additives were the reason that one got a GS gon load of manganese, for
example, off the D&RGW, instead of elsewhere, there is a huge volume of
research on this subject that has barely been scratched, along with the
details on many hundreds of other industries.



I have been as guilty of making assumptions about what was carried in a given
car as anyone else, due to a lack of detailed information on many of the
trains in my area, but I am sure trying to get educated.



On the other subject, I was also told by several individuals (yardmasters
among them), that the PRR regularly hoarded, misplaced, mis-routed, or simply
diverted gondolas and hoppers, so they could serve their local customers, in
preference to routing these cars home on the next train, and even (horrors),
sending them out loaded in the opposite direction from where they were
supposed to be routed. This explains the presence of gondolas from far and
wide, sitting on out-of-the-way sidings, with no apparent logic to their
being there.



We like to develop pat theories on any number of things, but railroads were
run as businesses, with many quirks and hard to explain behaviors to those
wanting some "standardized" rules.



Now, for my own interests, if I could find out why the Southern Pacific seems
to have had so many hoppers showing up on the PRR....



Elden Gatwood



________________________________

From: STMFC@yahoogroups.com [mailto:STMFC@yahoogroups.com] On Behalf Of
drgwrail
Sent: Friday, April 04, 2008 9:49 PM
To: STMFC@yahoogroups.com
Subject: [STMFC] Re: B&LE triple offset hoppers



The B&LE hoppers with clasp brake truacks showed up regularly loaded
with coal on the EL well into the 1970's. The coal came from mines
in Northwestern Pennsylvania and was bound for the New York State Gas
& Electic's power plant in Johnson City NY.

Many of the cars no longer had the double brake shoes and often the
lugs for hanging the outside shoes had been burned off. They
certainly were a distinctive almost orange color.

I still maintain my theory that hopper cars wandered all over because
the per diem was very low and yardmasters near the coal mines held
them until needed. But this may well be just an anthracite phenomona,
since shots of breakers (preperation plants)often show an almost
random mix of road names. While I no longer have my collection of b&w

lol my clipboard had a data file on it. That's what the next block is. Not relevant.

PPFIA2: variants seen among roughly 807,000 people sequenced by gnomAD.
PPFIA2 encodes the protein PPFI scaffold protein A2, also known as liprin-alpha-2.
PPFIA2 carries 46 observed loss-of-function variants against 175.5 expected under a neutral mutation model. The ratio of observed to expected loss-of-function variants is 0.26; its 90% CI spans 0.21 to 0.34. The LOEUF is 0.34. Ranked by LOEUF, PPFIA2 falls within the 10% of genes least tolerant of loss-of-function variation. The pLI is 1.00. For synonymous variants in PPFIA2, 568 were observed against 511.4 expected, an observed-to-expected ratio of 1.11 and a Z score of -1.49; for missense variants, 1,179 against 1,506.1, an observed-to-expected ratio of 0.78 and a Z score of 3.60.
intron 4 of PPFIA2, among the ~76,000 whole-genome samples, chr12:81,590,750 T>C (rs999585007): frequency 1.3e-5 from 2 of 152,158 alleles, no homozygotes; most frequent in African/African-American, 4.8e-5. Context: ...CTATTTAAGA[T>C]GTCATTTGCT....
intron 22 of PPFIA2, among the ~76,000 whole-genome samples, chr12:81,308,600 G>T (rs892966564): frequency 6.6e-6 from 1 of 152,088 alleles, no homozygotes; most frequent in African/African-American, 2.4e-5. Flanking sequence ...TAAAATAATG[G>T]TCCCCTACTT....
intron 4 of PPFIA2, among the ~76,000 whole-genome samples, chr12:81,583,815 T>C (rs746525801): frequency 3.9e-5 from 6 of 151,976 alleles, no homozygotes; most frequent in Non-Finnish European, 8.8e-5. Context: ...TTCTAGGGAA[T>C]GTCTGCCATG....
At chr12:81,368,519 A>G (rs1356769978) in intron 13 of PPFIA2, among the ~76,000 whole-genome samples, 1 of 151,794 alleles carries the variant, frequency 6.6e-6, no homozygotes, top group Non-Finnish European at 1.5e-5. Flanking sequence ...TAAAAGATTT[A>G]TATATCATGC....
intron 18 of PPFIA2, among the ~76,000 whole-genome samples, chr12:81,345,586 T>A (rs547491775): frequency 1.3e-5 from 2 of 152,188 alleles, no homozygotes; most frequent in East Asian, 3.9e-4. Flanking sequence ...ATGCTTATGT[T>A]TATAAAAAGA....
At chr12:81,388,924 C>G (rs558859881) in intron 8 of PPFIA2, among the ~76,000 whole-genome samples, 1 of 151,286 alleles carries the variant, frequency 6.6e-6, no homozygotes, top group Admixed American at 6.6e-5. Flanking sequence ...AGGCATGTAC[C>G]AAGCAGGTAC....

negs there were shots of MP, UP, ATSF, and even GN hopper cars
randomly scattered in coal trains passing through Binghamton. These
were taken in the 1960's. Also shots of RI, UP, CB&Q, etc. stock cars.
One yardmaster told me they loaded empty car for anywhere when needed
and the per deim rules were something for upper management to worry
about.

You are welcome to draw your own conclusions as to how and why they
got there. But such cars were common all through my years of train
watching as a teenager in WW2.

Chuck Yungkurth
Boulder CO

--- In STMFC@yahoogroups.com <mailto:STMFC%40yahoogroups.com> , CYRIL
DURRENBERGER <durrecj@...> wrote:





tI wondered if they somehow
found a way (post-WWII) to process the ore at the mine in such a
way
that made it purer and denser. That would be the one explanation
I
can think of for a switch from triples to shorties, but that is
pure
speculation.

It is interesting that in most cases the railroads in Michigan and
Minnesota carried iron ore in specially built ore cars, while the
eastern railroads on the other end of the chain usually used
standard hopper cars. In some cases the Minnesota railroads would
use ore cars to ship coal to local users.

In some cases the mining companies would send the ore to a washing
plant to remove sand and other impurities from the iron ore and in
some cases it went to a sintering plant prior to being taken to the
docks. But natural ore, as it was called, was not normally
chemically treated prior to shipment from the docks. In the late
1960's the taconite process replaced the natural iron ore when the
stocks of natural ore were exhausted (or in some cases in shaft
mines it became to expensive to remove). More information on this is
probably beyond the scope of the list. There are other sites where
you can locate more information if you desire it.
Cyril Durrenberger








Eric
 

Regarding taconite pellets.

After going to the process of extracting the magnetite iron from the
taconite rock, that then mixing it with the bentonite and limestone
to make pellets seems to be counterproductive. After refining the
iron, making pellets is, in effect, diluting it.

So why was it done? Is the hematite the oxidation process creates
considered more valuable than the magnetite?

Wouldn't shipping the pure extracted magnetite be more cost efficient
than diluting it by 35%?


Eric Petersson


Gatwood, Elden J SAD <Elden.J.Gatwood@...>
 

Eric;



Pellets were created to allow more efficient charge in the furnaces. By
binding the limestone or dolomite powder (flux stone) to the refined ore,